Bearing Witness: Don McCullin at Tate Liverpool – Reviewed

Local Boys in Bradford 1972 © Don McCullin

Don McCullin’s career, celebrated in Tate Liverpool’s retrospective exhibition, reads like a document of key 20th Century events. Armed with her Student Art Pass, granting 50% off major exhibitions, Hazel Maria trains her lens on the iconic photographer’s work…

Don McCullin’s reputation precedes this exhibition like the brawny black horse that drags the funeral carriage. Now eighty-five, the decorated photojournalist’s assignments and assorted personal pilgrimages are currently on display in Tate Liverpool’s retrospective exhibition, across more than two hundred photographs made over the course of half a century. Do expect difficult scenes, unflinchingly depicting violence, death and displacement. These are not strictly art works, but documents; as such, McCullin concisely names them for subject matter and year.

In 1961, soldiers eye each other on the site for the soon to be constructed Berlin Wall. People holding their shopping look on, a woman raising a hand to wave. In an exceptional composition taken near to Checkpoint Charlie an elegant woman cuts an hourglass figure walking down the road; to the left a giant black boot and an abstracted gun. Why has this never been an album cover?

Near Checkpoint Charlie, Berlin 1961 Tate Purchased 2012 © Don McCullin

Onwards. A well-dressed woman is carried away from a 1960s anti-fascist protest in Trafalgar Square. A little boy sits cross legged on the pavement and smiles at a cat in London’s East End in 1962. Definite characters begin to emerge here under the scrutiny of McCullin’s lens, inviting us to read these people, like books. I know this is London, and I know this little boy is dirt poor. Such images feel like a buffer before your exposure to those of Biafra between 1968 and 1969.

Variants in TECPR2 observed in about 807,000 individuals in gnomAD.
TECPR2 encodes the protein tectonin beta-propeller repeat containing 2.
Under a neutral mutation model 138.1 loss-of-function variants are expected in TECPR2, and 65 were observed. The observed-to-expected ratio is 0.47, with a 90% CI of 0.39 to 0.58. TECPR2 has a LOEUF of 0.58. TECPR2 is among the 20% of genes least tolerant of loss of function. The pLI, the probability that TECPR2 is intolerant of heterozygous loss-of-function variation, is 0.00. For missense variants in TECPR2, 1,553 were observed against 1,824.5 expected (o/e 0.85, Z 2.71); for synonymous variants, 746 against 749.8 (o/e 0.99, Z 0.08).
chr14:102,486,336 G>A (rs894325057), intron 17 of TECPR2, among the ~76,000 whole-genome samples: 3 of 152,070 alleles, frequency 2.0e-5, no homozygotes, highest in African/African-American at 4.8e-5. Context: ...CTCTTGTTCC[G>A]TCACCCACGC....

Known today as the Nigerian Civil War, images from the humanitarian crisis that resulted from the conflict are… hard. Here, the photographs’ matter of fact titles seem to pre-empt and temper extremes of response. Starving twenty four year old mother with child, Biafra (1968). A beyond gaunt and hollow-in-every-sense young woman holds a child trying to feed from withered breasts. Sombre proof of the finite tolerance of the human body to starvation.

“Was I of any use at all to the Biafran people?”

In Murder in a Turkish Village (1964), a woman looks down at the pool of blood surrounding her husband holding a patterned scarf with which to cover the corpse. I lift my phone to take a photo, the little yellow boxes of facial recognition do their uncanny work, framing the crying widow’s expression, who is hunched over her dead husband. I really shouldn’t have done that, I thought, realising I don’t have the right to make or share a cheap reproduction of her pain in that moment.

It’s worth mentioning here, therefore, that issues around the white male gaze paired with concerns of the ethics of war photography could overshadow individual narratives, and the exploration of McCullin’s career. Tate, wisely, does not shy from the West’s involvement in many of these conflicts and includes McCullin’s own voice, taking the form of quotes interknit throughout the exhibition, on walls and labels. The sacrifice McCullin himself has made (and continues to live with) to capture these scenes is considerable, his images having travelled back to Britain to shock and inform readers of the Observer and the Sunday Times. “Was I of any use at all to the Biafran people?” he asks – us or himself?

Early shift, West Hartlepool steelworks, County Durham 1963 © Don McCullin

The heavy atmosphere lifts in the next room where the North is made mythic. Skies hearty with billows of black smoke and rows of staunch terraced houses. Figures pull and push. A cart full of scrap, a wheelbarrow full of washing. A baby. Secretly, this is what I came for. The photographs here are the flesh on the bones of stories of post war Liverpool my parents would repeat, even after I got sick of hearing them. Seeing these people feels intimate and familiar.